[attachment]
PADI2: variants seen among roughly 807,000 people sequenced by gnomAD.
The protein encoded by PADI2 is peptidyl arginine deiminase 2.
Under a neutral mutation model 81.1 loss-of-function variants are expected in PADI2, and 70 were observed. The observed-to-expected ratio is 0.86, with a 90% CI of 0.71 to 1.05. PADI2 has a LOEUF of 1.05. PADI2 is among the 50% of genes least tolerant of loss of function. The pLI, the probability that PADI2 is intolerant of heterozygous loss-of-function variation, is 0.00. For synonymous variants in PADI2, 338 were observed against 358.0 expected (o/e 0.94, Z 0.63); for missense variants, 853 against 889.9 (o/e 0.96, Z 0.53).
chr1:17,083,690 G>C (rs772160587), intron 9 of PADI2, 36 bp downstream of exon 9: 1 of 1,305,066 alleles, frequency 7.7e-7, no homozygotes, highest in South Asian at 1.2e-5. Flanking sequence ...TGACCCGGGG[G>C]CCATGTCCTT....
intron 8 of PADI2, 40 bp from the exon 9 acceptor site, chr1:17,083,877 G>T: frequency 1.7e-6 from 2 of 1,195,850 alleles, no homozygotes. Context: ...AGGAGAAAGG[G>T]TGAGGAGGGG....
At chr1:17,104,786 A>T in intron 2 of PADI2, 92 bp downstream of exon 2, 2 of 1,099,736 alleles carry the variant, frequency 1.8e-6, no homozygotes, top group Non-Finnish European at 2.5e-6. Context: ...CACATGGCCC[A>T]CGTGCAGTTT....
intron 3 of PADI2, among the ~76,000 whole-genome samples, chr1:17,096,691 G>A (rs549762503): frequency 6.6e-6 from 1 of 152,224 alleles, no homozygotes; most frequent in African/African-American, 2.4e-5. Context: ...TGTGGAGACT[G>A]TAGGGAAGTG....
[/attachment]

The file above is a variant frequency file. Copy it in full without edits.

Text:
PADI2: variants seen among roughly 807,000 people sequenced by gnomAD.
The protein encoded by PADI2 is peptidyl arginine deiminase 2.
Under a neutral mutation model 81.1 loss-of-function variants are expected in PADI2, and 70 were observed. The observed-to-expected ratio is 0.86, with a 90% CI of 0.71 to 1.05. PADI2 has a LOEUF of 1.05. PADI2 is among the 50% of genes least tolerant of loss of function. The pLI, the probability that PADI2 is intolerant of heterozygous loss-of-function variation, is 0.00. For synonymous variants in PADI2, 338 were observed against 358.0 expected (o/e 0.94, Z 0.63); for missense variants, 853 against 889.9 (o/e 0.96, Z 0.53).
chr1:17,083,690 G>C (rs772160587), intron 9 of PADI2, 36 bp downstream of exon 9: 1 of 1,305,066 alleles, frequency 7.7e-7, no homozygotes, highest in South Asian at 1.2e-5. Flanking sequence ...TGACCCGGGG[G>C]CCATGTCCTT....
intron 8 of PADI2, 40 bp from the exon 9 acceptor site, chr1:17,083,877 G>T: frequency 1.7e-6 from 2 of 1,195,850 alleles, no homozygotes. Context: ...AGGAGAAAGG[G>T]TGAGGAGGGG....
At chr1:17,104,786 A>T in intron 2 of PADI2, 92 bp downstream of exon 2, 2 of 1,099,736 alleles carry the variant, frequency 1.8e-6, no homozygotes, top group Non-Finnish European at 2.5e-6. Context: ...CACATGGCCC[A>T]CGTGCAGTTT....
intron 3 of PADI2, among the ~76,000 whole-genome samples, chr1:17,096,691 G>A (rs549762503): frequency 6.6e-6 from 1 of 152,224 alleles, no homozygotes; most frequent in African/African-American, 2.4e-5. Context: ...TGTGGAGACT[G>A]TAGGGAAGTG....